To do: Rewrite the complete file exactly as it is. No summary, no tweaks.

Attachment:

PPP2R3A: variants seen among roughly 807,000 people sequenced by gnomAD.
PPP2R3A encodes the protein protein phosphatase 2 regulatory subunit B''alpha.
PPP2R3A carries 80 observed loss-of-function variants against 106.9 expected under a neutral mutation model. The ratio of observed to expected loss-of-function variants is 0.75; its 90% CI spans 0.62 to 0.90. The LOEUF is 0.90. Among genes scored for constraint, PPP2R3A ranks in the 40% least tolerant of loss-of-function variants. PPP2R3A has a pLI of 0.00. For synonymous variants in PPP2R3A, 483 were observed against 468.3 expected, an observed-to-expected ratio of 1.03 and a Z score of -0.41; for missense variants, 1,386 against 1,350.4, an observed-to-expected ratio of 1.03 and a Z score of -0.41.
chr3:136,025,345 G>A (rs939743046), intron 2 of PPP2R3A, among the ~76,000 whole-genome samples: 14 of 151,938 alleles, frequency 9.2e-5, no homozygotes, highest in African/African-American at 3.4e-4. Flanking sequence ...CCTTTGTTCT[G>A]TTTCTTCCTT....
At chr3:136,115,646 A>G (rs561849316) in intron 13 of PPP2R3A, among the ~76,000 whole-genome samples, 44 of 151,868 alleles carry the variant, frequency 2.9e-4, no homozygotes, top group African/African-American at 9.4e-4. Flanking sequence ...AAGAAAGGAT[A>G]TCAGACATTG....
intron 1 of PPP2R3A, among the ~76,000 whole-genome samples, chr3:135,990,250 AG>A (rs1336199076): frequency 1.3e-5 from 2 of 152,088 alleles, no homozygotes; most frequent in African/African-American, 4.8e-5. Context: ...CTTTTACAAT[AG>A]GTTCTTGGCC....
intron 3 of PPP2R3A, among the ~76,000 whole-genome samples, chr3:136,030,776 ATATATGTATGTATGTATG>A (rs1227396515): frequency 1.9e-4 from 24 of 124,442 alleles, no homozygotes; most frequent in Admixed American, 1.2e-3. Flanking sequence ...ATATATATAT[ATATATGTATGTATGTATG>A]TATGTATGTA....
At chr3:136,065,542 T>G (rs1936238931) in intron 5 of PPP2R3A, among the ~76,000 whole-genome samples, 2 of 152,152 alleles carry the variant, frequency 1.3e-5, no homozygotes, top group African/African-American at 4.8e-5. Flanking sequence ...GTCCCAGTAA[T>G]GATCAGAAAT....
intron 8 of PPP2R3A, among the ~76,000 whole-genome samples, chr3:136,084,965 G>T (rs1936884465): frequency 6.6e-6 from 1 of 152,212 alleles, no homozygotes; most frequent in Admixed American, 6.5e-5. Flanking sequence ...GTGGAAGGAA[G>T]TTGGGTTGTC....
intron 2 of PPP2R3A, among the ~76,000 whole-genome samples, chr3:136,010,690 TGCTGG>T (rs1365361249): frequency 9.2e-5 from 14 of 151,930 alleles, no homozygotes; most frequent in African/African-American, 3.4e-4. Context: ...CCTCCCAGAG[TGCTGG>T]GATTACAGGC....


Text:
PPP2R3A: variants seen among roughly 807,000 people sequenced by gnomAD.
PPP2R3A encodes the protein protein phosphatase 2 regulatory subunit B''alpha.
PPP2R3A carries 80 observed loss-of-function variants against 106.9 expected under a neutral mutation model. The ratio of observed to expected loss-of-function variants is 0.75; its 90% CI spans 0.62 to 0.90. The LOEUF is 0.90. Among genes scored for constraint, PPP2R3A ranks in the 40% least tolerant of loss-of-function variants. PPP2R3A has a pLI of 0.00. For synonymous variants in PPP2R3A, 483 were observed against 468.3 expected, an observed-to-expected ratio of 1.03 and a Z score of -0.41; for missense variants, 1,386 against 1,350.4, an observed-to-expected ratio of 1.03 and a Z score of -0.41.
chr3:136,025,345 G>A (rs939743046), intron 2 of PPP2R3A, among the ~76,000 whole-genome samples: 14 of 151,938 alleles, frequency 9.2e-5, no homozygotes, highest in African/African-American at 3.4e-4. Flanking sequence ...CCTTTGTTCT[G>A]TTTCTTCCTT....
At chr3:136,115,646 A>G (rs561849316) in intron 13 of PPP2R3A, among the ~76,000 whole-genome samples, 44 of 151,868 alleles carry the variant, frequency 2.9e-4, no homozygotes, top group African/African-American at 9.4e-4. Flanking sequence ...AAGAAAGGAT[A>G]TCAGACATTG....
intron 1 of PPP2R3A, among the ~76,000 whole-genome samples, chr3:135,990,250 AG>A (rs1336199076): frequency 1.3e-5 from 2 of 152,088 alleles, no homozygotes; most frequent in African/African-American, 4.8e-5. Context: ...CTTTTACAAT[AG>A]GTTCTTGGCC....
intron 3 of PPP2R3A, among the ~76,000 whole-genome samples, chr3:136,030,776 ATATATGTATGTATGTATG>A (rs1227396515): frequency 1.9e-4 from 24 of 124,442 alleles, no homozygotes; most frequent in Admixed American, 1.2e-3. Flanking sequence ...ATATATATAT[ATATATGTATGTATGTATG>A]TATGTATGTA....
At chr3:136,065,542 T>G (rs1936238931) in intron 5 of PPP2R3A, among the ~76,000 whole-genome samples, 2 of 152,152 alleles carry the variant, frequency 1.3e-5, no homozygotes, top group African/African-American at 4.8e-5. Flanking sequence ...GTCCCAGTAA[T>G]GATCAGAAAT....
intron 8 of PPP2R3A, among the ~76,000 whole-genome samples, chr3:136,084,965 G>T (rs1936884465): frequency 6.6e-6 from 1 of 152,212 alleles, no homozygotes; most frequent in Admixed American, 6.5e-5. Flanking sequence ...GTGGAAGGAA[G>T]TTGGGTTGTC....
intron 2 of PPP2R3A, among the ~76,000 whole-genome samples, chr3:136,010,690 TGCTGG>T (rs1365361249): frequency 9.2e-5 from 14 of 151,930 alleles, no homozygotes; most frequent in African/African-American, 3.4e-4. Context: ...CCTCCCAGAG[TGCTGG>T]GATTACAGGC....